If Munster is beginning to doubt that an Apple Television is coming, we are too.
Jefferies analyst Peter Misek believed that the Apple Television would launch in 2013 after he spotted "prototypes floating around" in Apple's supply chain (apparently). But, when no Apple Television arrived last year, Misek said that it was probably delayed due to the high cost of a 4K/Ultra HD display.
"We had thought that Apple's software and ecosystem would be enough to drive demand but our checks indicate that Apple wants the hardware to also stand out. We believe Apple wants a display that looks like 4K/Ultra HD but without the super-premium cost."
We're beginning to think that either Apple's given up on the idea of an Apple Television, or it's decided to hold off a little. One report that emerged in November 2013 seems to suggest that the latter is more likely. NPD DisplaySearch thinks that Apple is pushing back the launch of its Apple Television to 2015 or 2016 while it focuses on the iWatch for 2014.
Who will make the Apple TV?
Apple factory partner Foxconn boss Terry Gou, reportedly confirmed that Apple is working on a HD television set.
According to China Daily, Gou has said that Apple manufacturer Foxconn is working with Sharp in Japan to prepare for production of the highly anticipated Apple television set.
"Gou said Foxconn is making preparations for iTV, Apple Inc's rumoured upcoming high-definition television, although development or manufacturing has yet to begin," says the report.
Predictably Foxconn and Gou quickly denied that he'd said anything of the sort.
Apple's favoured Chinese manufacturer Foxconn has invested 133 billion yen (US$1.6 billion) in Sharp's TV and Display unit, which can efficiently make large size panels up to 60-inches.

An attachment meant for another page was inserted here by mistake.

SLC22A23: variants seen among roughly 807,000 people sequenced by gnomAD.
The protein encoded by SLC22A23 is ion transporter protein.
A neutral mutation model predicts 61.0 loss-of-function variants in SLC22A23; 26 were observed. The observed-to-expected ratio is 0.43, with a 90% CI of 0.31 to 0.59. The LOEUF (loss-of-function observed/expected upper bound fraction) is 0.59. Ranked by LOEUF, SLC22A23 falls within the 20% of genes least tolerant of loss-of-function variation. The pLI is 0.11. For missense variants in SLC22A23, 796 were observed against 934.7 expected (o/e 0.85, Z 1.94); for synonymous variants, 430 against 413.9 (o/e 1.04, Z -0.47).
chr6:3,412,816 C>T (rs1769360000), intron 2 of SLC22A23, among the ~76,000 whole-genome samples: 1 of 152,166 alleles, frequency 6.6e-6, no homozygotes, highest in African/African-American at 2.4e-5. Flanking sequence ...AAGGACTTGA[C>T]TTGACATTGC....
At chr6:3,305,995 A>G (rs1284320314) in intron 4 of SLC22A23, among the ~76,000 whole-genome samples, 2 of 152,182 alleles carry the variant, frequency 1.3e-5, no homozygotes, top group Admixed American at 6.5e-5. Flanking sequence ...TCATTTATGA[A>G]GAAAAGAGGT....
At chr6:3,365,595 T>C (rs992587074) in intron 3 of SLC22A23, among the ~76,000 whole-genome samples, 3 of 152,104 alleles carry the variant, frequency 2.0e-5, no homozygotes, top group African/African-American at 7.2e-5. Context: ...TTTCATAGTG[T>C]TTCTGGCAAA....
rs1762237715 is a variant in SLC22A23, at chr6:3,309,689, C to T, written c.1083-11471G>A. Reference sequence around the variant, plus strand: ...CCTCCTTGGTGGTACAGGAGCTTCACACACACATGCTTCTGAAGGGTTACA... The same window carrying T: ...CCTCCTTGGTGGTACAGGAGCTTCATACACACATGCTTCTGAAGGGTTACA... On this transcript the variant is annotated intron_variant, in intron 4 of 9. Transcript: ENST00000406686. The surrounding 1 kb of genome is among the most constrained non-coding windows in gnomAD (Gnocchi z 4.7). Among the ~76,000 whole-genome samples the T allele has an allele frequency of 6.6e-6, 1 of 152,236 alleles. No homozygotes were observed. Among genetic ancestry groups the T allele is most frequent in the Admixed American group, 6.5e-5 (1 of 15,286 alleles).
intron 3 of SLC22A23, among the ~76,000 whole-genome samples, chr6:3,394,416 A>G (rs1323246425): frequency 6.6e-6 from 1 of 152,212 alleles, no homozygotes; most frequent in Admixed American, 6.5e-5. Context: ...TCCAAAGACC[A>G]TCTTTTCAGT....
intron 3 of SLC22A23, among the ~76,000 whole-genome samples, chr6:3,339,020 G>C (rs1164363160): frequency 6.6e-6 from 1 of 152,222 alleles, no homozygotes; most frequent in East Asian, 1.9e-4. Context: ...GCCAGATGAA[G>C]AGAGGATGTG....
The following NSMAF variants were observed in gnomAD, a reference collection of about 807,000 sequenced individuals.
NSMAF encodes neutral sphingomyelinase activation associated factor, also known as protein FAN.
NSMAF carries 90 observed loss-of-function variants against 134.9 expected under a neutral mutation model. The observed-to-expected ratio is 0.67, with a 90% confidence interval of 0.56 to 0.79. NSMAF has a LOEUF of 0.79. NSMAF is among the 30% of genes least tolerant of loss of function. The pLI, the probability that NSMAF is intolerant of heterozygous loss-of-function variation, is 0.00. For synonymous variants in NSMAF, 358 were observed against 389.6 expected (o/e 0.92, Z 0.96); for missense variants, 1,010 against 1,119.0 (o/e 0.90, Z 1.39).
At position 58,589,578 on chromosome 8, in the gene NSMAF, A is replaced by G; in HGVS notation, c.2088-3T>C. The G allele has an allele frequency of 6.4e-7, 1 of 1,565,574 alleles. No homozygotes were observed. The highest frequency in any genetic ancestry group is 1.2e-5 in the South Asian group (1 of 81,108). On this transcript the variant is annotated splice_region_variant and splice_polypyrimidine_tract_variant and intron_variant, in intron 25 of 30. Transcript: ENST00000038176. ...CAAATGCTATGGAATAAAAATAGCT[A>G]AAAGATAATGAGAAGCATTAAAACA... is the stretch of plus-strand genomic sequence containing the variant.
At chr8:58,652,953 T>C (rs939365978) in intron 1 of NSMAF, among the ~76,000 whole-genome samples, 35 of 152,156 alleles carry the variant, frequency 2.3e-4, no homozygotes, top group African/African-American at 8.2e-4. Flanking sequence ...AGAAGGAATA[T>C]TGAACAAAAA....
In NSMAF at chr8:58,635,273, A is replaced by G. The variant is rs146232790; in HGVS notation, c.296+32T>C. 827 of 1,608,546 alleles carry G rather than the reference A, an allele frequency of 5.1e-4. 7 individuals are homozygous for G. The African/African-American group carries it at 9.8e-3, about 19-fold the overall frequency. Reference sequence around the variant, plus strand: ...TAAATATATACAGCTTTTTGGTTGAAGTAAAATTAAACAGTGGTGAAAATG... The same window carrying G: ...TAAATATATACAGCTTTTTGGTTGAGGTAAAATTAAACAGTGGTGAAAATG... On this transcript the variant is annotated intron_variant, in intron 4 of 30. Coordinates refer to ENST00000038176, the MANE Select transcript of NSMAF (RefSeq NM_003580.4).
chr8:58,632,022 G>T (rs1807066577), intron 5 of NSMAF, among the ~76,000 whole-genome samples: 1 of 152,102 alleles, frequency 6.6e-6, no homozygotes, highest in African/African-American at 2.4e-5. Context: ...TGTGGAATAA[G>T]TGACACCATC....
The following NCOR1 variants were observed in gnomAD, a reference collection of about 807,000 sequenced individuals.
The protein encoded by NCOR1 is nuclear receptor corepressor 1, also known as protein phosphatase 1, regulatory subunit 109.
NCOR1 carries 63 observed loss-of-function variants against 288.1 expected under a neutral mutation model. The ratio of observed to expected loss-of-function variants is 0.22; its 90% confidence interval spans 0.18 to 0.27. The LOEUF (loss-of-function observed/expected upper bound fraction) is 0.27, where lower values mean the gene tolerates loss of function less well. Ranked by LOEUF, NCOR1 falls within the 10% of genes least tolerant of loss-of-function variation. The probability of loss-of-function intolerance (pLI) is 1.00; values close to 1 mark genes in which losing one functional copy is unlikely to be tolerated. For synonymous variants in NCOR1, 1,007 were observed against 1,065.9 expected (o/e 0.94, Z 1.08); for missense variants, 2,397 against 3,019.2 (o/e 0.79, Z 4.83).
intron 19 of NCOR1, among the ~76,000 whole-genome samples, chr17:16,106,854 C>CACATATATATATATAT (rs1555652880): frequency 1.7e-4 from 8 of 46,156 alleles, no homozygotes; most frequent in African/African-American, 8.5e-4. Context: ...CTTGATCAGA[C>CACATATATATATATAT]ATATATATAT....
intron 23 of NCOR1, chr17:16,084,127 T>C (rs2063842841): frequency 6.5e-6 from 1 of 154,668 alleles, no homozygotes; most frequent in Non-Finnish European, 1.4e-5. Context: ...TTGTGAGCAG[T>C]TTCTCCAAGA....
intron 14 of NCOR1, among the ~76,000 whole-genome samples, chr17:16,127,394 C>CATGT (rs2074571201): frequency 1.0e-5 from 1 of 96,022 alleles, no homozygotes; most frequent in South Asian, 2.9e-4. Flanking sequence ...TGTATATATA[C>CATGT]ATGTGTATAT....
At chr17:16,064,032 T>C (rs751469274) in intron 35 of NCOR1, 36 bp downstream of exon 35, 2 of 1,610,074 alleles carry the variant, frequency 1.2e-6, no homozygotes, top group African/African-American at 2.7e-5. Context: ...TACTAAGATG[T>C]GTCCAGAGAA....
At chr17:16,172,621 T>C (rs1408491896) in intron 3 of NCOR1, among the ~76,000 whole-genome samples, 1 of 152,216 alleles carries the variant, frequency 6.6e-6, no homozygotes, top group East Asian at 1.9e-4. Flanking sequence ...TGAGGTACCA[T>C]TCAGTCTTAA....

It was reported in June that Foxconn is in talks with Sharp about increasing its stake as it bets on the Japanese firm's leading edge technology to give it a boost in the display panel business, says the Eastern Morning Herald. Foxconn agreed in March to buy new shares in Sharp worth $844 million as part of a tie-up in liquid crystal display production. All this, insiders believe, makes the possibility of an Apple TV much more likely as Foxconn is Apple's biggest supplier.
"I'm proud to say the cooperation with Sharp will let us beat Samsung in terms of clearness - high resolution," Foxconn chairman Terry Gou told shareholders.
Apple has apparently switched from Samsung to Sharp for its iPad and iPhone screens.
Around the same time came the rumour that Apple is planning to buy Loewe (pronounced "Lur-ver"), a German TV manufacturer that specializes in the sort of premium television sets that we'd expect Apple to produce, so it could be the company that ends up making the iTV.
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